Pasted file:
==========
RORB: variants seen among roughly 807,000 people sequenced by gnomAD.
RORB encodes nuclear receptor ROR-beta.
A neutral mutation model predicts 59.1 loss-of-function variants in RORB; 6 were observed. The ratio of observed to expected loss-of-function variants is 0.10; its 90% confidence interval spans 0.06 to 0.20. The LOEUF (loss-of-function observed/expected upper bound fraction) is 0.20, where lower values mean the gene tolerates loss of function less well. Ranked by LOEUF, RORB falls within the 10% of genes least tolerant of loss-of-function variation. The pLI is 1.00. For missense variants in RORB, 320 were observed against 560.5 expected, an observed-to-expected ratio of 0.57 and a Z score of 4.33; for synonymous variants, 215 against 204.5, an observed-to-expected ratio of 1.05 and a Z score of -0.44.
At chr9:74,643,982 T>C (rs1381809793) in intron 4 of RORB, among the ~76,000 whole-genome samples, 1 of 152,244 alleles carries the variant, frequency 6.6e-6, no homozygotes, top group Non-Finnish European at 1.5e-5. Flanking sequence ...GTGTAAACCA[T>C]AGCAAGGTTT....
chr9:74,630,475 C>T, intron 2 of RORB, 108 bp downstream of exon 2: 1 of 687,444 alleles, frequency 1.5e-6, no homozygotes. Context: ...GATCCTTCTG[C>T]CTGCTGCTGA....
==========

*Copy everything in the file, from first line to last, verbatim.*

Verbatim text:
RORB: variants seen among roughly 807,000 people sequenced by gnomAD.
RORB encodes nuclear receptor ROR-beta.
A neutral mutation model predicts 59.1 loss-of-function variants in RORB; 6 were observed. The ratio of observed to expected loss-of-function variants is 0.10; its 90% confidence interval spans 0.06 to 0.20. The LOEUF (loss-of-function observed/expected upper bound fraction) is 0.20, where lower values mean the gene tolerates loss of function less well. Ranked by LOEUF, RORB falls within the 10% of genes least tolerant of loss-of-function variation. The pLI is 1.00. For missense variants in RORB, 320 were observed against 560.5 expected, an observed-to-expected ratio of 0.57 and a Z score of 4.33; for synonymous variants, 215 against 204.5, an observed-to-expected ratio of 1.05 and a Z score of -0.44.
At chr9:74,643,982 T>C (rs1381809793) in intron 4 of RORB, among the ~76,000 whole-genome samples, 1 of 152,244 alleles carries the variant, frequency 6.6e-6, no homozygotes, top group Non-Finnish European at 1.5e-5. Flanking sequence ...GTGTAAACCA[T>C]AGCAAGGTTT....
chr9:74,630,475 C>T, intron 2 of RORB, 108 bp downstream of exon 2: 1 of 687,444 alleles, frequency 1.5e-6, no homozygotes. Context: ...GATCCTTCTG[C>T]CTGCTGCTGA....